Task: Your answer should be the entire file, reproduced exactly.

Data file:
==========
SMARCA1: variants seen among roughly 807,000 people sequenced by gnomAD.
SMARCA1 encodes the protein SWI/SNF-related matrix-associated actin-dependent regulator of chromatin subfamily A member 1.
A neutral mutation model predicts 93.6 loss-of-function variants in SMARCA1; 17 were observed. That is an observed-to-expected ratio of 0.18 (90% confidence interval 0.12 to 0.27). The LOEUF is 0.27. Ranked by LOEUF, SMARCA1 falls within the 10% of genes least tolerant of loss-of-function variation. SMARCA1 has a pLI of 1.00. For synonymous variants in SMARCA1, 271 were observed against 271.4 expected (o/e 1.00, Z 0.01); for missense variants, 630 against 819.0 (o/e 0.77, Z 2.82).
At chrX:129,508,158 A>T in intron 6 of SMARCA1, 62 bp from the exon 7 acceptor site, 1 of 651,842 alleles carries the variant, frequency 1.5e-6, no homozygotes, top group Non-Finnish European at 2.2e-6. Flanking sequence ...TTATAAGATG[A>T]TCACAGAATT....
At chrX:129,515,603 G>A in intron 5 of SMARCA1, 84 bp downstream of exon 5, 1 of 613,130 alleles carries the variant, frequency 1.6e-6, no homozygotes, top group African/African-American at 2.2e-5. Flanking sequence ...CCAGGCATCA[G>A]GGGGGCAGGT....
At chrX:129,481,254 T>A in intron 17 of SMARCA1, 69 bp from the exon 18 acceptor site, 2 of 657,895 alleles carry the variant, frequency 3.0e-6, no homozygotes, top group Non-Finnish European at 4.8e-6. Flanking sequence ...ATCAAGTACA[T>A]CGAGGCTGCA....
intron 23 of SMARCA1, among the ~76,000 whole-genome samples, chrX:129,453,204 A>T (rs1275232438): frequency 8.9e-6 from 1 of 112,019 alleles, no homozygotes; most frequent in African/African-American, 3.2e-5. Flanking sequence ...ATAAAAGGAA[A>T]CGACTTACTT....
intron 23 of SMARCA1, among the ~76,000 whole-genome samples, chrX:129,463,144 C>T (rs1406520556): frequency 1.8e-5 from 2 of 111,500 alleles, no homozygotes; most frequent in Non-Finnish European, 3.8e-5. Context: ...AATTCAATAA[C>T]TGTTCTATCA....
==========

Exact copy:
SMARCA1: variants seen among roughly 807,000 people sequenced by gnomAD.
SMARCA1 encodes the protein SWI/SNF-related matrix-associated actin-dependent regulator of chromatin subfamily A member 1.
A neutral mutation model predicts 93.6 loss-of-function variants in SMARCA1; 17 were observed. That is an observed-to-expected ratio of 0.18 (90% confidence interval 0.12 to 0.27). The LOEUF is 0.27. Ranked by LOEUF, SMARCA1 falls within the 10% of genes least tolerant of loss-of-function variation. SMARCA1 has a pLI of 1.00. For synonymous variants in SMARCA1, 271 were observed against 271.4 expected (o/e 1.00, Z 0.01); for missense variants, 630 against 819.0 (o/e 0.77, Z 2.82).
At chrX:129,508,158 A>T in intron 6 of SMARCA1, 62 bp from the exon 7 acceptor site, 1 of 651,842 alleles carries the variant, frequency 1.5e-6, no homozygotes, top group Non-Finnish European at 2.2e-6. Flanking sequence ...TTATAAGATG[A>T]TCACAGAATT....
At chrX:129,515,603 G>A in intron 5 of SMARCA1, 84 bp downstream of exon 5, 1 of 613,130 alleles carries the variant, frequency 1.6e-6, no homozygotes, top group African/African-American at 2.2e-5. Flanking sequence ...CCAGGCATCA[G>A]GGGGGCAGGT....
At chrX:129,481,254 T>A in intron 17 of SMARCA1, 69 bp from the exon 18 acceptor site, 2 of 657,895 alleles carry the variant, frequency 3.0e-6, no homozygotes, top group Non-Finnish European at 4.8e-6. Flanking sequence ...ATCAAGTACA[T>A]CGAGGCTGCA....
intron 23 of SMARCA1, among the ~76,000 whole-genome samples, chrX:129,453,204 A>T (rs1275232438): frequency 8.9e-6 from 1 of 112,019 alleles, no homozygotes; most frequent in African/African-American, 3.2e-5. Flanking sequence ...ATAAAAGGAA[A>T]CGACTTACTT....
intron 23 of SMARCA1, among the ~76,000 whole-genome samples, chrX:129,463,144 C>T (rs1406520556): frequency 1.8e-5 from 2 of 111,500 alleles, no homozygotes; most frequent in Non-Finnish European, 3.8e-5. Context: ...AATTCAATAA[C>T]TGTTCTATCA....